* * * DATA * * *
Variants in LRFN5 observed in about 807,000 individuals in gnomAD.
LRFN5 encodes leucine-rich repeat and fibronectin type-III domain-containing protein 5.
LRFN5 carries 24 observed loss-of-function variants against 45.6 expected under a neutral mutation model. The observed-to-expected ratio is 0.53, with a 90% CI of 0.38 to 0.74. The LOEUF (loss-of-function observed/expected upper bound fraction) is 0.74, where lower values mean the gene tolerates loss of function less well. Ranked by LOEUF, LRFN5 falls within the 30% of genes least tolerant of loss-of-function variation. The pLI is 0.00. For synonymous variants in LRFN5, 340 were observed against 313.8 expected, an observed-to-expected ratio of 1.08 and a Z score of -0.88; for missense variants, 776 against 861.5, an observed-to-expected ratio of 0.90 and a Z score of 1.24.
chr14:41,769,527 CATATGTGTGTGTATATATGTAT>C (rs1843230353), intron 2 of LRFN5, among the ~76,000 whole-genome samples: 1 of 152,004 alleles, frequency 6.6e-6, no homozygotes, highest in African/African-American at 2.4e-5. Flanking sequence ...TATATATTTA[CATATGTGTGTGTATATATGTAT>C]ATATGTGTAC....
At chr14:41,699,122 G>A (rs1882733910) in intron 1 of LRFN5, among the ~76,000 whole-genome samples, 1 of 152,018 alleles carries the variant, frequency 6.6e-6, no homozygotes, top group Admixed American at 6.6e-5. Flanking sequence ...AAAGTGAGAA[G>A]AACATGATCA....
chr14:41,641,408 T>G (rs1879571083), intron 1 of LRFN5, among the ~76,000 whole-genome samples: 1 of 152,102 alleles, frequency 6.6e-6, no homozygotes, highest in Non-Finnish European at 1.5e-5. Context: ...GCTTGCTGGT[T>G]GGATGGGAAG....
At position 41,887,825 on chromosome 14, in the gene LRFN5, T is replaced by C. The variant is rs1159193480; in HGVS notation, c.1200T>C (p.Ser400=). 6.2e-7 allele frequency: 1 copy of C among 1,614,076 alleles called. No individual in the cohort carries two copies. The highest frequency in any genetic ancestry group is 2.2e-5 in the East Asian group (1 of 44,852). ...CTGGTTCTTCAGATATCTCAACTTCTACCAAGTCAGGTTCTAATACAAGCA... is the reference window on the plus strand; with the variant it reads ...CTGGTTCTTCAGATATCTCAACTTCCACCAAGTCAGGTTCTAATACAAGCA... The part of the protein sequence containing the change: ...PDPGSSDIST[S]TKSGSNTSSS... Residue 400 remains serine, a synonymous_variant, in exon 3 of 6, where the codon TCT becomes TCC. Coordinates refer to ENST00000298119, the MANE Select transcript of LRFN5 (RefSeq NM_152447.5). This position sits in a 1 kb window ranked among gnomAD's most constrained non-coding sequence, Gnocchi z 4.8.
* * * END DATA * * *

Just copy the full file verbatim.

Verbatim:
Variants in LRFN5 observed in about 807,000 individuals in gnomAD.
LRFN5 encodes leucine-rich repeat and fibronectin type-III domain-containing protein 5.
LRFN5 carries 24 observed loss-of-function variants against 45.6 expected under a neutral mutation model. The observed-to-expected ratio is 0.53, with a 90% CI of 0.38 to 0.74. The LOEUF (loss-of-function observed/expected upper bound fraction) is 0.74, where lower values mean the gene tolerates loss of function less well. Ranked by LOEUF, LRFN5 falls within the 30% of genes least tolerant of loss-of-function variation. The pLI is 0.00. For synonymous variants in LRFN5, 340 were observed against 313.8 expected, an observed-to-expected ratio of 1.08 and a Z score of -0.88; for missense variants, 776 against 861.5, an observed-to-expected ratio of 0.90 and a Z score of 1.24.
chr14:41,769,527 CATATGTGTGTGTATATATGTAT>C (rs1843230353), intron 2 of LRFN5, among the ~76,000 whole-genome samples: 1 of 152,004 alleles, frequency 6.6e-6, no homozygotes, highest in African/African-American at 2.4e-5. Flanking sequence ...TATATATTTA[CATATGTGTGTGTATATATGTAT>C]ATATGTGTAC....
At chr14:41,699,122 G>A (rs1882733910) in intron 1 of LRFN5, among the ~76,000 whole-genome samples, 1 of 152,018 alleles carries the variant, frequency 6.6e-6, no homozygotes, top group Admixed American at 6.6e-5. Flanking sequence ...AAAGTGAGAA[G>A]AACATGATCA....
chr14:41,641,408 T>G (rs1879571083), intron 1 of LRFN5, among the ~76,000 whole-genome samples: 1 of 152,102 alleles, frequency 6.6e-6, no homozygotes, highest in Non-Finnish European at 1.5e-5. Context: ...GCTTGCTGGT[T>G]GGATGGGAAG....
At position 41,887,825 on chromosome 14, in the gene LRFN5, T is replaced by C. The variant is rs1159193480; in HGVS notation, c.1200T>C (p.Ser400=). 6.2e-7 allele frequency: 1 copy of C among 1,614,076 alleles called. No individual in the cohort carries two copies. The highest frequency in any genetic ancestry group is 2.2e-5 in the East Asian group (1 of 44,852). ...CTGGTTCTTCAGATATCTCAACTTCTACCAAGTCAGGTTCTAATACAAGCA... is the reference window on the plus strand; with the variant it reads ...CTGGTTCTTCAGATATCTCAACTTCCACCAAGTCAGGTTCTAATACAAGCA... The part of the protein sequence containing the change: ...PDPGSSDIST[S]TKSGSNTSSS... Residue 400 remains serine, a synonymous_variant, in exon 3 of 6, where the codon TCT becomes TCC. Coordinates refer to ENST00000298119, the MANE Select transcript of LRFN5 (RefSeq NM_152447.5). This position sits in a 1 kb window ranked among gnomAD's most constrained non-coding sequence, Gnocchi z 4.8.